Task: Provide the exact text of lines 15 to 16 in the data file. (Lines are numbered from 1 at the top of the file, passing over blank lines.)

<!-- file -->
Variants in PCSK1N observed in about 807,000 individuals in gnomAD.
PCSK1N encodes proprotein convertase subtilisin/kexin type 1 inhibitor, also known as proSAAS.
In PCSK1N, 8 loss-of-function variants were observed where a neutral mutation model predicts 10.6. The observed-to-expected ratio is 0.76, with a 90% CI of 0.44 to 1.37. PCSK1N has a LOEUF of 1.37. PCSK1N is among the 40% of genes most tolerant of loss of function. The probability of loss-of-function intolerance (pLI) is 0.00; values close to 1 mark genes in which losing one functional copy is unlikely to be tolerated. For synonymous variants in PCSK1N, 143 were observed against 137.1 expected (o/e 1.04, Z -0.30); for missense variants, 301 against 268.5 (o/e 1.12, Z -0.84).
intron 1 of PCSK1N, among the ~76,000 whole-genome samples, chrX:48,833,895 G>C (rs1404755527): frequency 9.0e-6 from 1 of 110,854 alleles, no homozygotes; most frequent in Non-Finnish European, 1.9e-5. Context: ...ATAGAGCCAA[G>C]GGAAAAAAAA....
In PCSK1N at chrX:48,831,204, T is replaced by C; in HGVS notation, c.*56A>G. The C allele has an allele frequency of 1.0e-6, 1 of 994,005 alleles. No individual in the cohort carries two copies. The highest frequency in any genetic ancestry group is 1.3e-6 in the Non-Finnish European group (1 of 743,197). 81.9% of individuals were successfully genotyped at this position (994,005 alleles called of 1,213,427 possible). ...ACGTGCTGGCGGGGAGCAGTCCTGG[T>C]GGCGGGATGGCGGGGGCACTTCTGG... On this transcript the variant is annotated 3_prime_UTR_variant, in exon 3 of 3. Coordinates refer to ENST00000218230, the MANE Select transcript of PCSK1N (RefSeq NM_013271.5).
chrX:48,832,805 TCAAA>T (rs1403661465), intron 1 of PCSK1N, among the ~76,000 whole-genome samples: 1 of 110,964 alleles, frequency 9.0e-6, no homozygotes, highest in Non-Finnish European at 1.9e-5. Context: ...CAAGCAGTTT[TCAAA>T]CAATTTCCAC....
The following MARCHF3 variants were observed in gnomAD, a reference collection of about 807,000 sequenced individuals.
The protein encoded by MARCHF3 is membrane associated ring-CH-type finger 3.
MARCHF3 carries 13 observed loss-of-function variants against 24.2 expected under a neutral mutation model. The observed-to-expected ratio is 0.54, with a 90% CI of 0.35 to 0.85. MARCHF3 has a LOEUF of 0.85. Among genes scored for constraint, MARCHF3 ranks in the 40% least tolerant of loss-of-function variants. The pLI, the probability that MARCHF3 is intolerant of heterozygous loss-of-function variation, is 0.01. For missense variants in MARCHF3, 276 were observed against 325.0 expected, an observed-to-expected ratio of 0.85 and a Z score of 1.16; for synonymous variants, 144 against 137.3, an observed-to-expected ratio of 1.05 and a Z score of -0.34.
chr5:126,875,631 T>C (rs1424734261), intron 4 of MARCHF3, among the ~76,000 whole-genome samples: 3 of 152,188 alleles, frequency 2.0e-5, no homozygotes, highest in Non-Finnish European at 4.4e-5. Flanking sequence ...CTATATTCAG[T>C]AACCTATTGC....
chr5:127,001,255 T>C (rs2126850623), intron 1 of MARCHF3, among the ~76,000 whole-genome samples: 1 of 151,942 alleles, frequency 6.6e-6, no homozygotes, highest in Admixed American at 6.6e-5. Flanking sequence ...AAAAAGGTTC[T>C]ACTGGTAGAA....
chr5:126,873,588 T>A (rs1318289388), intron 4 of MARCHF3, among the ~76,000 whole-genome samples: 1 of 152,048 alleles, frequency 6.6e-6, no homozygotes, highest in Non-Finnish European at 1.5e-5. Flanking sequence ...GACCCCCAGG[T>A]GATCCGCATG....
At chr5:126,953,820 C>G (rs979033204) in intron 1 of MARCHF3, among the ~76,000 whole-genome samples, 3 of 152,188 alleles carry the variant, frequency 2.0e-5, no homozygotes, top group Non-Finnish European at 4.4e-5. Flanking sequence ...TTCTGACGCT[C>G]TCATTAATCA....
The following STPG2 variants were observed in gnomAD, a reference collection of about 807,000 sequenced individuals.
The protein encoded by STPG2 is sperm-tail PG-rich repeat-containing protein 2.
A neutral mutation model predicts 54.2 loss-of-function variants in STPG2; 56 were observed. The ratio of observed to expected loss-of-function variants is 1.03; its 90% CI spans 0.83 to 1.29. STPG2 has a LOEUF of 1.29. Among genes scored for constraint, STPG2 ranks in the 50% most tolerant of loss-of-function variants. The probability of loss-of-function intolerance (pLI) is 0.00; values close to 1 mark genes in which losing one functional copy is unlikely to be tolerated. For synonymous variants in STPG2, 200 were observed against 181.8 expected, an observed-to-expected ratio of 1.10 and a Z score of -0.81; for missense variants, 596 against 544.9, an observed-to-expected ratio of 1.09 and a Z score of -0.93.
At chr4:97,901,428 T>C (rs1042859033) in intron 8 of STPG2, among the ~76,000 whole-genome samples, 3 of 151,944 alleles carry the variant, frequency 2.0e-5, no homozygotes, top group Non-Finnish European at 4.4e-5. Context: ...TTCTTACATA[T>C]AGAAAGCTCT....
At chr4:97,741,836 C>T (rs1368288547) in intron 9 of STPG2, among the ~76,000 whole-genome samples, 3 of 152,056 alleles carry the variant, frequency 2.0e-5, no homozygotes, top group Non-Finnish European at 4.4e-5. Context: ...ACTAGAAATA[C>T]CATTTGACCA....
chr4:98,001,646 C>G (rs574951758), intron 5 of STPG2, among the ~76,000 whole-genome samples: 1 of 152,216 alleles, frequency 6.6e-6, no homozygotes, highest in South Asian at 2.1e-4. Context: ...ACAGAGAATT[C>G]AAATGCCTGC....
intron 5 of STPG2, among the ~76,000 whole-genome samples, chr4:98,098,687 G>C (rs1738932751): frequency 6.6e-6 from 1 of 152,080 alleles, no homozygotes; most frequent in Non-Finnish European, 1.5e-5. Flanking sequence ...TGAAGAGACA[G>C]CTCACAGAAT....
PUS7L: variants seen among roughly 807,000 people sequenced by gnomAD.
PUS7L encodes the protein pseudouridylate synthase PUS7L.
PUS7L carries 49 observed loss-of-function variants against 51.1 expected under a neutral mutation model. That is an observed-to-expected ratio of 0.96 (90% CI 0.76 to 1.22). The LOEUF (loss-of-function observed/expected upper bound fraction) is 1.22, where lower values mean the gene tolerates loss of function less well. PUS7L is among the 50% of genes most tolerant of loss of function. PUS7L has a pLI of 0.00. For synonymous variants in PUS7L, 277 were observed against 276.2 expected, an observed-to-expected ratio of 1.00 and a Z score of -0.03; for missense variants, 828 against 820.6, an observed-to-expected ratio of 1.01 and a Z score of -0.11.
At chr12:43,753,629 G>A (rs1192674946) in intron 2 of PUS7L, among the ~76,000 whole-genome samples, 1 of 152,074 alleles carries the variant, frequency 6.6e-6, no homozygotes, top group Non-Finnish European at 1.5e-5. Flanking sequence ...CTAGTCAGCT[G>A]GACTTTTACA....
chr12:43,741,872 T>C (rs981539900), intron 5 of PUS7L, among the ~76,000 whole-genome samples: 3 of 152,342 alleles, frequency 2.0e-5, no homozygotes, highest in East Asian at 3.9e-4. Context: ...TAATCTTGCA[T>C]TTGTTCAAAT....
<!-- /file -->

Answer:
The protein encoded by STPG2 is sperm-tail PG-rich repeat-containing protein 2.
A neutral mutation model predicts 54.2 loss-of-function variants in STPG2; 56 were observed. The ratio of observed to expected loss-of-function variants is 1.03; its 90% CI spans 0.83 to 1.29. STPG2 has a LOEUF of 1.29. Among genes scored for constraint, STPG2 ranks in the 50% most tolerant of loss-of-function variants. The probability of loss-of-function intolerance (pLI) is 0.00; values close to 1 mark genes in which losing one functional copy is unlikely to be tolerated. For synonymous variants in STPG2, 200 were observed against 181.8 expected, an observed-to-expected ratio of 1.10 and a Z score of -0.81; for missense variants, 596 against 544.9, an observed-to-expected ratio of 1.09 and a Z score of -0.93.